posted on Jan, 13 2020 @ 04:14 PM
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a reply to: JAGStorm

I hate white cabinets. Only thing worse is 'rustically painted' cabinets.



posted on Jan, 13 2020 @ 04:18 PM
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a reply to: JAGStorm

I stole a house during the recession with a lot of that going on. Nice, older home with good bones but it was on the market forever so they started doing things like you mentioned. Should have just left it alone.

It had no impact on selling it. One, there is no way to take 1973 style out of a home with paint and new hardware. It has to be completely gutted. Second, the home had a few issue like roof damage, shower tile falling apart. Should have spent the crap paint job and crap hardware money on the roof and tile repair. Ended up gutting every single room.



posted on Jan, 13 2020 @ 04:25 PM
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originally posted by: AugustusMasonicus
a reply to: JAGStorm

I hate white cabinets. Only thing worse is 'rustically painted' cabinets.


There is a cabinet in my house that was painted with faux marble. barf, seriously, barf



posted on Jan, 13 2020 @ 05:09 PM
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a reply to: StratosFear

Gotta love those west coast people thinking us Tennesseans will just buy anything.



posted on Jan, 13 2020 @ 05:31 PM
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a reply to: JAGStorm

That's the thing!

If they ain't spraying, I ain't paying.

I've had a few sets of cupboards painted, and the people who've bid to charge me the same as a professional spray to come to the house/apartment with a roller and that's it... well they get hired ALL the time! I don't get it.



posted on Jan, 13 2020 @ 05:42 PM
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Good prep with a sprayed on enamel only. No latex.
You can even use an auto enamel then clearcoat.
Stains only for wood imo and my projects.

good rant



posted on Jan, 13 2020 @ 05:46 PM
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I can paint like a pro but hate it. At the point in my life where rather just pay someone. Not worth my time, rather put money back in the community.

First thing is quality of paint. Have to splurge on Sherwin Williams or something comparable. Second is getting imperfections out of the wall. Sanding it, vacuum it. Get it smooth and clean. Third is mixing, get a drill attachment and mix it every hour or so and don't even think about not priming it. Last is good rollers, brushes and tape. Most pros don't use tape but you are not a pro so get the damn tape and don't be an idiot. You're going to screw up and have crappy line around molding and trim.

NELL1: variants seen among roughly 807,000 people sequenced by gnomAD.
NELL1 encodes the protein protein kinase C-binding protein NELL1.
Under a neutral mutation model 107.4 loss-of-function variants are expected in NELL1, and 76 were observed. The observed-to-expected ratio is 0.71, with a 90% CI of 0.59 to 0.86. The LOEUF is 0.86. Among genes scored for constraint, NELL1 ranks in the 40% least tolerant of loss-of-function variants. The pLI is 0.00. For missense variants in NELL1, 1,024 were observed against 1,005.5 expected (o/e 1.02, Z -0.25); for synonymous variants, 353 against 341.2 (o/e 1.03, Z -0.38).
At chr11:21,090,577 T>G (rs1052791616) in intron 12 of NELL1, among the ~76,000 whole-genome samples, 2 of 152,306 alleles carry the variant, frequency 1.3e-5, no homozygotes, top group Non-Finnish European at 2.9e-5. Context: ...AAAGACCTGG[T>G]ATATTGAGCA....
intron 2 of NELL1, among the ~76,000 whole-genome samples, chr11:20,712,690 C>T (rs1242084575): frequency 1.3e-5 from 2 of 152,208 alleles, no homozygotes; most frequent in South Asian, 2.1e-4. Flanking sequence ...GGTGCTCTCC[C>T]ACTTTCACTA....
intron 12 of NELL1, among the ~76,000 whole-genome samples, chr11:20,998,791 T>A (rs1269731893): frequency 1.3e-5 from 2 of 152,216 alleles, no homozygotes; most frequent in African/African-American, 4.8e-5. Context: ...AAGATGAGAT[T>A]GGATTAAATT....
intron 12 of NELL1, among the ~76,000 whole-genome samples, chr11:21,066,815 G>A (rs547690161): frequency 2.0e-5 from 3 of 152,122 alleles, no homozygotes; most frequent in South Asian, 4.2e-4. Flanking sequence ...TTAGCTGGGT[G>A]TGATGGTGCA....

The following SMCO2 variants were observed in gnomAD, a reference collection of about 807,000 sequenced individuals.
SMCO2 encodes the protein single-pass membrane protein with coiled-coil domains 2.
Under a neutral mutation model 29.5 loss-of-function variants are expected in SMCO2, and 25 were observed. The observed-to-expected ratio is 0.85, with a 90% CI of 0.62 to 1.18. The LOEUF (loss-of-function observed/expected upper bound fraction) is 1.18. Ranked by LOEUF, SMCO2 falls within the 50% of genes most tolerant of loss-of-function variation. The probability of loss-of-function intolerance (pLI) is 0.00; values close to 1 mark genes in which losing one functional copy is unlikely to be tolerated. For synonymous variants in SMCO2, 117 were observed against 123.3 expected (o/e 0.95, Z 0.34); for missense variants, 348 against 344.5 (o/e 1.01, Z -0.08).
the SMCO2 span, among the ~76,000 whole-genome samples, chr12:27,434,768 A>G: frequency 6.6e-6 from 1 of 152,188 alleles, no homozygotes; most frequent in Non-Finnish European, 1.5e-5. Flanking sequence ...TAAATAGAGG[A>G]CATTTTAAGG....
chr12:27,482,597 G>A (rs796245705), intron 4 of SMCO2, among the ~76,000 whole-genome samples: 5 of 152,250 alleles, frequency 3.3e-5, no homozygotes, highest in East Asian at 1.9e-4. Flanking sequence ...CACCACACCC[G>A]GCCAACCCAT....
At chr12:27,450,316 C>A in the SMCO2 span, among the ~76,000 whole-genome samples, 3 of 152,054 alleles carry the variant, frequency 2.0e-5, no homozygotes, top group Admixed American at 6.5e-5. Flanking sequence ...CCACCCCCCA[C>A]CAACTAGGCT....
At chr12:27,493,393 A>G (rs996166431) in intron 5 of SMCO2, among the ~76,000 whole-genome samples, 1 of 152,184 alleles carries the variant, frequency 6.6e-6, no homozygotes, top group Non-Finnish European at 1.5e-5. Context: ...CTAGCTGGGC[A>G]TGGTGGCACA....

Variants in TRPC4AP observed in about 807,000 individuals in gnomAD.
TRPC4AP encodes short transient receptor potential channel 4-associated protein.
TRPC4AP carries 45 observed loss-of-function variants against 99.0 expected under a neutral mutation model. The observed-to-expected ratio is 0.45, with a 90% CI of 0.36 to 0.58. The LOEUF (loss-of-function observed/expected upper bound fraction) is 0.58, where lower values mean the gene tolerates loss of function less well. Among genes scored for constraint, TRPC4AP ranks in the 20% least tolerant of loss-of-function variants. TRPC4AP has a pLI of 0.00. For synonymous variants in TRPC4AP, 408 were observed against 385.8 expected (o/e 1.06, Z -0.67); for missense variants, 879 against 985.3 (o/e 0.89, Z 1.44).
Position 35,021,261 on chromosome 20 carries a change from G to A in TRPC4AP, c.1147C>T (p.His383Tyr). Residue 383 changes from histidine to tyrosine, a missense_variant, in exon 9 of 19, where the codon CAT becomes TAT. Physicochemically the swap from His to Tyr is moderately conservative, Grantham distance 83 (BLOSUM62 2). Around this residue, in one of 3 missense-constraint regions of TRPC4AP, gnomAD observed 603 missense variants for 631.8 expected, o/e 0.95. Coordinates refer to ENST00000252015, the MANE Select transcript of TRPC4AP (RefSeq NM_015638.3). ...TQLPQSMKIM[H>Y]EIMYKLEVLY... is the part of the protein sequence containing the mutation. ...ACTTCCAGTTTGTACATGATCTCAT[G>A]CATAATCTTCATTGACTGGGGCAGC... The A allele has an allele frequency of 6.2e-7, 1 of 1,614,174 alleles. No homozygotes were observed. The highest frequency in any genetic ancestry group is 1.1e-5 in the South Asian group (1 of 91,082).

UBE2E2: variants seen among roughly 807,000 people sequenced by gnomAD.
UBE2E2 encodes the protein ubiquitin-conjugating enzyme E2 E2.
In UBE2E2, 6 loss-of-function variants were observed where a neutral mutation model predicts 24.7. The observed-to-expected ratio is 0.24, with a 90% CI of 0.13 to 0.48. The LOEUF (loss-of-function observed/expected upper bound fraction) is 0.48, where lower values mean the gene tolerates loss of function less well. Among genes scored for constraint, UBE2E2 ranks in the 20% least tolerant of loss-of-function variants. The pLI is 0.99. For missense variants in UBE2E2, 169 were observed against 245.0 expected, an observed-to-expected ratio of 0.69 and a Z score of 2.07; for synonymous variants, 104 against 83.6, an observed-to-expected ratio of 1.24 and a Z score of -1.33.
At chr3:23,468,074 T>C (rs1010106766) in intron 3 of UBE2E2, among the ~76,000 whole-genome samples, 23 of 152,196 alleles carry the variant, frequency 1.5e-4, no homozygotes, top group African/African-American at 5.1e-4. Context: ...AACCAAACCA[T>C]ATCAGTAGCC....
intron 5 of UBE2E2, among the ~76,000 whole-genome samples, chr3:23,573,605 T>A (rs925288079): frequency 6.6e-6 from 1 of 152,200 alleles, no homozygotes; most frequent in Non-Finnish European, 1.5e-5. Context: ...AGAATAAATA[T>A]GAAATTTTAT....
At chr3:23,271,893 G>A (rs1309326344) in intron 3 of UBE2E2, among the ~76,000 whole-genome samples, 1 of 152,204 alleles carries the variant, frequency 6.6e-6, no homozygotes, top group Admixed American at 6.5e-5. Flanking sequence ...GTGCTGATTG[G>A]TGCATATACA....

posted on Jan, 13 2020 @ 06:30 PM
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a reply to: StratosFear
We purchased a house 4 years ago, previous owner painted the brick...even the chimney. Well, that sealed the brick, and chimneys need to breathe. We paid $2000 to replace just 6 feet of chimney once we noticed the old brick was splitting and falling off.



posted on Jan, 13 2020 @ 06:47 PM
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originally posted by: JAGStorm
There is a cabinet in my house that was painted with faux marble. barf, seriously, barf


Oof. Treat it like it's infested with spiders and burn it.



posted on Jan, 13 2020 @ 06:49 PM
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Always look on the bright side of life .

It could be worse .




posted on Jan, 13 2020 @ 06:53 PM
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originally posted by: Zrtst
a reply to: StratosFear
We purchased a house 4 years ago, previous owner painted the brick...even the chimney. Well, that sealed the brick, and chimneys need to breathe. We paid $2000 to replace just 6 feet of chimney once we noticed the old brick was splitting and falling off.
Hate to hear that, hopefully the splitting was due to the heat of the chimney and stays regulated to just that. If you notice the same thing happening in another place then maybe time to start looking to get as much as you can for it. I dont see how painting brick would increase the value of a house inside or out, its got such a nice look to it.


originally posted by: Fallingdown
Always look on the bright side of life .

It could be worse .



How dare you expose my painting secrets to the world!


edit on 13-1-2020 by StratosFear because: (no reason given)



posted on Jan, 13 2020 @ 07:19 PM
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Yes, here in Tennessee, this trend has started on painting beautiful brickwork all kinds of jacked up!
I recently saw one of the Holiday Stone houses being Painted! Eek!
It's also typical for people to paint those kitchens and cabinetry without Any prep work. It absolutely ruins classic woods.



posted on Jan, 13 2020 @ 08:09 PM
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a reply to: FreeFalling

Why do people paint bricks and stones? It just doesn't make any sense. I get that it can be done and properly, but it's rarely done properly from what I can see.

It prevents the brick from breathing, and can seal in moisture. When it ages the paint can fade and peel. Just looks like butt, and more often than not I've seen that it causes a house to lose value.



posted on Jan, 13 2020 @ 09:44 PM
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a reply to: AutomateThis1

Neutral is in. Unfortunately, brick doesn’t mesh with grey, taupe, ecru, white, off white, polar white, or antique white.

I see lots of homes with that really offensively red ‘90’s brick. It’s horrible. I would paint it if I purchased a home with it.